How did you feel when you handed over your card or the cash? A heady feeling of exhilaration as you heard the familiar ching of the cash register?

How did you feel after you got the purchase home? Pleased? Or guilty?

Acknowledging why and how we spend is half the battle to becoming in control of our own spending, learning what part of us we are trying to appease through the handing over of our cold, hard earned cash to a stranger in return for another piece of stuff, another cream cake, another mug of steaming vanilla latte from the coffee shop on the corner where they just taste too good to go without – my diary worked out that i was spending over £800 per year on regular take out coffees during my working day. That was just two coffees per day on average, 5 days per week. It is amazing how much it adds up.

So, if you want to see where your money goes, track it, write it down, make it fun, identify your motives and stop what no longer needs to be spent.

So far this year i have spent less than a fiver on take out coffees. That is about £245 saved already.

Oh, and i’d recommend the happiness diary as well. It helped me out of a really deep hole.

Have a happy day.

Anita x

J is for Junk

Day 10 of the A to Z blogging challenge

There is an age old saying of one man’s junk is another man’s treasure and i really enjoy finding treasure of my own amongst other peoples junk.

Bins

I’ll admit, i’m not quite brave enough to go skip diving in someone’s front garden, but give me a charity shop or a car boot and i can be quite pleasurably entertained for a fair while. Basically, i just love a bargain and what can become of junk once you utilise your crafty skills quite often leaves other people calling you a fibber when you say what it used to be.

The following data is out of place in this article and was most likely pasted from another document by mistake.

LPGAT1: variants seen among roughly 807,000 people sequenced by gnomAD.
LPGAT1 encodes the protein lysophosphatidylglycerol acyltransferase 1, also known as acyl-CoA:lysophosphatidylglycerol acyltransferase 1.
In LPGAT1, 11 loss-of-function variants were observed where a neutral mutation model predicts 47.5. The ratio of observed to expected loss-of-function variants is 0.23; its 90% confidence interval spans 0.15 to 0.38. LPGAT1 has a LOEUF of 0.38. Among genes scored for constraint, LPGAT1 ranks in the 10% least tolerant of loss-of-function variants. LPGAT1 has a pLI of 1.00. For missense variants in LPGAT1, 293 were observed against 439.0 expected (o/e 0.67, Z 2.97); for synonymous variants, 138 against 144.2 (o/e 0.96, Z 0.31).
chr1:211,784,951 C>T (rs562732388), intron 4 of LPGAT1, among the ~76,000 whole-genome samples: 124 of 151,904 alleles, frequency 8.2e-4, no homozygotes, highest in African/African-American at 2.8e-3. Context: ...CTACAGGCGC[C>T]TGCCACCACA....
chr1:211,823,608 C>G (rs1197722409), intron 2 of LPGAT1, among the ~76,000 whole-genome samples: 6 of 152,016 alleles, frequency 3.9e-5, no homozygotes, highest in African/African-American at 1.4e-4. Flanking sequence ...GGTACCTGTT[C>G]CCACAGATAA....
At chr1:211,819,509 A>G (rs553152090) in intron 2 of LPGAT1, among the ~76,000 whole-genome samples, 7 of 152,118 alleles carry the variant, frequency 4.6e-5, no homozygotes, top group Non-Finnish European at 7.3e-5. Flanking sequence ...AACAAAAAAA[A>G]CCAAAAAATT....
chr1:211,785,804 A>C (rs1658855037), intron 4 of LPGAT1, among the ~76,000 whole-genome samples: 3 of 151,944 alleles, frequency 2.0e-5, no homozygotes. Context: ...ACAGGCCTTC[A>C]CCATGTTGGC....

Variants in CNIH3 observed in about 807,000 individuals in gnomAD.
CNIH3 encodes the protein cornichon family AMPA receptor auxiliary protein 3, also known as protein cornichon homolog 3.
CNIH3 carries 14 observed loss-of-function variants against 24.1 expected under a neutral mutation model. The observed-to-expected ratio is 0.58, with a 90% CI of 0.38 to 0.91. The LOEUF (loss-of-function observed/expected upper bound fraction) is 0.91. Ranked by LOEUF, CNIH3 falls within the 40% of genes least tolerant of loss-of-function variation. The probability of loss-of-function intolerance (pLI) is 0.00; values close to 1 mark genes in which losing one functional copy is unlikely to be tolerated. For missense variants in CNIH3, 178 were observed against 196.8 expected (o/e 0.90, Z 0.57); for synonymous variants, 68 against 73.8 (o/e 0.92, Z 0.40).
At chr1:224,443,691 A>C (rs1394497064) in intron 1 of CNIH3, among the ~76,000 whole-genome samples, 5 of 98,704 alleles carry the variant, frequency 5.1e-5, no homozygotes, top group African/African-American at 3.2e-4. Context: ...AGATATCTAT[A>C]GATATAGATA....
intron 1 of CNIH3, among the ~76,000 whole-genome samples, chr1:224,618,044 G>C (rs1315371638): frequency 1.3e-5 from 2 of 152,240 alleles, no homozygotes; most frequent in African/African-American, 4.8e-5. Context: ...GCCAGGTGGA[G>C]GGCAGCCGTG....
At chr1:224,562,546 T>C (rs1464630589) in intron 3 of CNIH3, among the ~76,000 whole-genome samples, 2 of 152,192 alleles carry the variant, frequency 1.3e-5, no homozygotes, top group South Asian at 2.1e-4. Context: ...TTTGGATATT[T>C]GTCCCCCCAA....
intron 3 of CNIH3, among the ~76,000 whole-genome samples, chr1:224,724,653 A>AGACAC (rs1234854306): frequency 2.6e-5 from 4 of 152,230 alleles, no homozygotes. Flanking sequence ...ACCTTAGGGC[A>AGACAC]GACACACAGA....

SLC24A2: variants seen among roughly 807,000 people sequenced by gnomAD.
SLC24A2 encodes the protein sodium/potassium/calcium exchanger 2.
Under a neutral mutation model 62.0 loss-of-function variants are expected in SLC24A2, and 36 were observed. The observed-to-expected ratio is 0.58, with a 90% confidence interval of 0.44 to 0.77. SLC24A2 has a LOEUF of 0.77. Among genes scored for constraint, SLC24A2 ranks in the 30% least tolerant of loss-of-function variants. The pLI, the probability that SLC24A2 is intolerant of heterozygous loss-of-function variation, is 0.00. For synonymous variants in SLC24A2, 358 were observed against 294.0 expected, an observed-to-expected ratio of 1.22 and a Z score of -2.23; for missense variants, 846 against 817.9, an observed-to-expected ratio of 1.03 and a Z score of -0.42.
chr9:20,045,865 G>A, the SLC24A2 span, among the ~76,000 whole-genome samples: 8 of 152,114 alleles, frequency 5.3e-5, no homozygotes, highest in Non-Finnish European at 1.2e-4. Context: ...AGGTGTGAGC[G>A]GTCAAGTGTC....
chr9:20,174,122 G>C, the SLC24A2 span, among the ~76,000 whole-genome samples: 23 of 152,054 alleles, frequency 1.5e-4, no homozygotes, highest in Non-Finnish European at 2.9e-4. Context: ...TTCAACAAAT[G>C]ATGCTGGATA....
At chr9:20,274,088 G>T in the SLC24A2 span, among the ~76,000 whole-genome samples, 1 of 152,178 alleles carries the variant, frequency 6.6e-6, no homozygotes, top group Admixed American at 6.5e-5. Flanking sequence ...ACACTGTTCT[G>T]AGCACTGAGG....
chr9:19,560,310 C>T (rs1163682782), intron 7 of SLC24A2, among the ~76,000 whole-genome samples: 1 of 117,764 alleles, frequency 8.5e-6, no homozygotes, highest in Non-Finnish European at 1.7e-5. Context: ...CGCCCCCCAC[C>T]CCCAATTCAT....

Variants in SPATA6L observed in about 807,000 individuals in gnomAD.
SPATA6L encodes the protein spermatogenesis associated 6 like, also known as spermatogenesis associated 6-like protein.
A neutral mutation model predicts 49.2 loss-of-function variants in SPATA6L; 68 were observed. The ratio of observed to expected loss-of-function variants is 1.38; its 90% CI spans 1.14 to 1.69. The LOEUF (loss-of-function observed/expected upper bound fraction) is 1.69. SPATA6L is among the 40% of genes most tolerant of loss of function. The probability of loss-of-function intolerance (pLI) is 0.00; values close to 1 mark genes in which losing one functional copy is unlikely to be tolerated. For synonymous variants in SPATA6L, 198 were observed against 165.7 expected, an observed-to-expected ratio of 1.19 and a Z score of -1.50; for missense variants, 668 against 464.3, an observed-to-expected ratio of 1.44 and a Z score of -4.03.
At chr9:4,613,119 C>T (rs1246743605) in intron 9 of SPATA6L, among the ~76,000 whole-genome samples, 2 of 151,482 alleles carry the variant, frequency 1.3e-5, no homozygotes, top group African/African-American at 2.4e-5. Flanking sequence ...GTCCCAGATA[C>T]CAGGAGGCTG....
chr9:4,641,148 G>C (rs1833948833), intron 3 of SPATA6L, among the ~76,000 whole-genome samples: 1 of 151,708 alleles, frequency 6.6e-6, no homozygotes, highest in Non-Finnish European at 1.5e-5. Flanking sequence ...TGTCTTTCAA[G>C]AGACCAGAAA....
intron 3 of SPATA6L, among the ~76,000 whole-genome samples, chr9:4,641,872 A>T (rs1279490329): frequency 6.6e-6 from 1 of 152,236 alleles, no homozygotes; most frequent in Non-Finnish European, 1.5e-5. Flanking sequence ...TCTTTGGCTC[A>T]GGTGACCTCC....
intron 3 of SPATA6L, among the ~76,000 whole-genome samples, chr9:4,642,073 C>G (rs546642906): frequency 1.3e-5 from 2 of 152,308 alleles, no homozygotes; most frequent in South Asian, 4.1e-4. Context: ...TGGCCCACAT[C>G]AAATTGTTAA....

charity-clip-art

My first go to shelf in the charity shops is the books which admittedly don’t get up cycled because, well, what else would you do with a good book apart from read it…although i am tempted to try and make one of those little coffee tables out of old books that are then glued together into a seemingly random and haphazard pile…watch this space for that one…

book table  Not my photo, but really cute eh?

My second go to shelf, or rather, rack, is of the curtains, sheets and duvets. Not for my house, i don’t need anymore of those items, the ones i have are perfectly good for at least another few years, but because they are a gold mine for fabric. Have you ever looked at how much fabric there actually is in a double bed size duvet cover?  This fabric i use in all sorts of ways.

  • I have previously stated that i am a qualified seamstress. If i’m attempting to make a new garment that i haven’t made before and i think the fit may be a bit tricky then i will make a ‘muslin.’ It is a trial garment in a cheap fabric where it doesn’t matter if there are mistakes in it or if it doesn’t fit quite right because you can then use this to alter the fit before you cut into your expensive final fabric. Believe me, it’s very depressing to find out that something doesn’t fit after you’ve made up a jacket using three metres of fabric that cost £20 a metre…A cheap sheet or cover that only cost a couple of quid is perfect for this.